Native tea bushes

Opposed to other regions where the growth of cultivars is now the common practice, manufacturers in Kasuga village still care for the native tea bushes that have continued to grow here for hundreds of years. In addition, no one in this village uses any kinds of artificial fertilizer or agricultural chemicals for cultivation. The entire village is absolutely free from pesticides and chemicals. This makes the tea that is grown here unique and valuable.

In fact, the manufacturers here believe that because they are working with native tea bushes, adding fertilizer to the shallow layers of the soil won’t benefit their bushes at all. The roots of cultivar species are often short and shallow and thus rely on added nourishment. But a tea bush grown from seed generally grows a much deeper root, reaching into the deeper layers of the soil, where it gets its nourishment from.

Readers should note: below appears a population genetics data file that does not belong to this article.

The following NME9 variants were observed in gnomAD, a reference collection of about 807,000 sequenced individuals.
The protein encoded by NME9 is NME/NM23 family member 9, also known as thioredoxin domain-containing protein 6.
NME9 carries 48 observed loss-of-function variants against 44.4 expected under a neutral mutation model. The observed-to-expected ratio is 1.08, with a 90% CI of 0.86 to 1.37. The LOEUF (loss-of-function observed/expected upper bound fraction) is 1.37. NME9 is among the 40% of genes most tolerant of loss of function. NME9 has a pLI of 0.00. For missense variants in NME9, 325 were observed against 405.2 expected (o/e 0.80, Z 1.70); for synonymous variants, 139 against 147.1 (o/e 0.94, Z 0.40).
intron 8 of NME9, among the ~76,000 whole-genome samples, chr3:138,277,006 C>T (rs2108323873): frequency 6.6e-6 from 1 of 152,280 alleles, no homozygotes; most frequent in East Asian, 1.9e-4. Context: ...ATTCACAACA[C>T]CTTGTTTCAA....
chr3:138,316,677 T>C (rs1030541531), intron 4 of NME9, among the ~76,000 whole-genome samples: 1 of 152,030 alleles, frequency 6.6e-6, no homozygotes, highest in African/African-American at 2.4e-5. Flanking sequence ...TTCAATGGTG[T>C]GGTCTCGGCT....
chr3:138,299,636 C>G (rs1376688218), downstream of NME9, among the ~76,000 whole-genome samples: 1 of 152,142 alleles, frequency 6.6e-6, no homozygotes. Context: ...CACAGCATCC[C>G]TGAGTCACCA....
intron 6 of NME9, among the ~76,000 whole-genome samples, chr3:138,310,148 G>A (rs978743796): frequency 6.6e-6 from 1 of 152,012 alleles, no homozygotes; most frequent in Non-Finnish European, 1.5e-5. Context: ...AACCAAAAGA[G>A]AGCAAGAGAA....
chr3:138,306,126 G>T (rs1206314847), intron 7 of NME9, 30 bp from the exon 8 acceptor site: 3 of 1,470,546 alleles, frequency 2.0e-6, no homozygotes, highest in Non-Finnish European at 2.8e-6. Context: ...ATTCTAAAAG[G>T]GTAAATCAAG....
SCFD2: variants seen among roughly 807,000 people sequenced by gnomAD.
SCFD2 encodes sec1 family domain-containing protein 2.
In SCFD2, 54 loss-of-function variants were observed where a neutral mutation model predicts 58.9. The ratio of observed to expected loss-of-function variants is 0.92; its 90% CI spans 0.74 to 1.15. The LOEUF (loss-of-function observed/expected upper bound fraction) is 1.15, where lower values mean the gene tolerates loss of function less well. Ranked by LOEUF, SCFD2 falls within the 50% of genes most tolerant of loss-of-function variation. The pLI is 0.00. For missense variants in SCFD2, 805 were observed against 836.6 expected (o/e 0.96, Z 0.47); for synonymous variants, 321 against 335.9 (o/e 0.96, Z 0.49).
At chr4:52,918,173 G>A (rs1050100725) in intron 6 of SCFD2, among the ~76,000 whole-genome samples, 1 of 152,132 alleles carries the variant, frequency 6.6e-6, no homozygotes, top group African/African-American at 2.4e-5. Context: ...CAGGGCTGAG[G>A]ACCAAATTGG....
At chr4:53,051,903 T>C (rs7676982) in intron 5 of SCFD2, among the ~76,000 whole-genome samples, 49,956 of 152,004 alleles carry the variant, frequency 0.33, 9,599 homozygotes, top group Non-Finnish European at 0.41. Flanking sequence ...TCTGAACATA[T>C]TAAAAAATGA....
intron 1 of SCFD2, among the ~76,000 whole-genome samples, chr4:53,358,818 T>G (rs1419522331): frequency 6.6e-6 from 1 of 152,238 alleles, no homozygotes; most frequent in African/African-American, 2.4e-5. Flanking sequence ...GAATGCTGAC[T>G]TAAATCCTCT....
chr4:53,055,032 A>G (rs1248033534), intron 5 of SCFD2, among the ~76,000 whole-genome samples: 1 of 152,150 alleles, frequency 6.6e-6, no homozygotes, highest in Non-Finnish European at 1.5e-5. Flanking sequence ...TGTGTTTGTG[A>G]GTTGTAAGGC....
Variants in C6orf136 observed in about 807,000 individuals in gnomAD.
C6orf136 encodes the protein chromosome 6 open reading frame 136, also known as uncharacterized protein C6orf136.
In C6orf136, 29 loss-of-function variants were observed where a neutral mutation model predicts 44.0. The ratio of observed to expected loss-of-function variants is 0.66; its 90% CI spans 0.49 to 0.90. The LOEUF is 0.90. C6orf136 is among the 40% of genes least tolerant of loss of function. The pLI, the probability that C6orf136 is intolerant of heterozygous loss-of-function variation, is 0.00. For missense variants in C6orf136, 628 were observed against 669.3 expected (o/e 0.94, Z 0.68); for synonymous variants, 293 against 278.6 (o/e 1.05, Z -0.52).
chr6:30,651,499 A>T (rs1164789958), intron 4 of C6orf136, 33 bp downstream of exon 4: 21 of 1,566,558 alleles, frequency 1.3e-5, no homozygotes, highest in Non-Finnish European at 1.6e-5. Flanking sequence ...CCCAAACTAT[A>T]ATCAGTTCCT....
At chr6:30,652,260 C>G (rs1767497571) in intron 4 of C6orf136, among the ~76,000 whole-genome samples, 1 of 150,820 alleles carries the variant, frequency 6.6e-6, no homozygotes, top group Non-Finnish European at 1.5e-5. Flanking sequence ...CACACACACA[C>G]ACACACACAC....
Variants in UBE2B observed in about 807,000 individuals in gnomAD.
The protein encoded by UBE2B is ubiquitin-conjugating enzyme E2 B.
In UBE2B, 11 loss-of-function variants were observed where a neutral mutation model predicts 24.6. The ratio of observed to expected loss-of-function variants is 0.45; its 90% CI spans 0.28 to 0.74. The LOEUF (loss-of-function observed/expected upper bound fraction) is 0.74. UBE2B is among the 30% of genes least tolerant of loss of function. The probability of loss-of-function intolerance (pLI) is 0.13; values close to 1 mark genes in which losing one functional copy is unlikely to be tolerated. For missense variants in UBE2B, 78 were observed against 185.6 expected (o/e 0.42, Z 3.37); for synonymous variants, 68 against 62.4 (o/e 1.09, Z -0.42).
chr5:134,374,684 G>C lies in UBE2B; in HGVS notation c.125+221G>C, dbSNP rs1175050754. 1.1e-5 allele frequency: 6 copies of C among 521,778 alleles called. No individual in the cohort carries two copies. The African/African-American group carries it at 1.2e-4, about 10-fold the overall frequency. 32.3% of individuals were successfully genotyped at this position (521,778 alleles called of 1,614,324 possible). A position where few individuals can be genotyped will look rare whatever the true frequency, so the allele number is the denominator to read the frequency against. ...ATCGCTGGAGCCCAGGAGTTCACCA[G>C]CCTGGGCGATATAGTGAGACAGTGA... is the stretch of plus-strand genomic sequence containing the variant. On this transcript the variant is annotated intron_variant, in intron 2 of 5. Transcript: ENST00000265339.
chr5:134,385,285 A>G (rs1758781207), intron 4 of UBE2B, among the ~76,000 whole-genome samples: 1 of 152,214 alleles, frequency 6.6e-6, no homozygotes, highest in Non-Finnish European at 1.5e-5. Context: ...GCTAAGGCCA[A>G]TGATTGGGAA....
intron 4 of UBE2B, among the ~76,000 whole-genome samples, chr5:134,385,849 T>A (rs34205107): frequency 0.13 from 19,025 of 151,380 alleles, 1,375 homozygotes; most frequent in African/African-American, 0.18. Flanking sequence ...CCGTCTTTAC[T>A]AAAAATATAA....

In addition, while other regions harvest 3 to 4 times a year, tea picking in Kasuga is only done once a year in spring, and most of it is done by hand. When there is no need to harvest during summer for example, there is also no necessity to repel the bugs that may affect some of the leaf on the bushes during this time.

The current state of the tea industry

Contemporarily tea consumers are in favor of a lush umami sweet flavor in the tea. The spring harvest receives most recognition when it (almost prematurely) is thrown on the market during the first week of May. And to support this current, tea gardens throughout Japan are being replanted with cloned cultivar species such as the Yabukita varietal.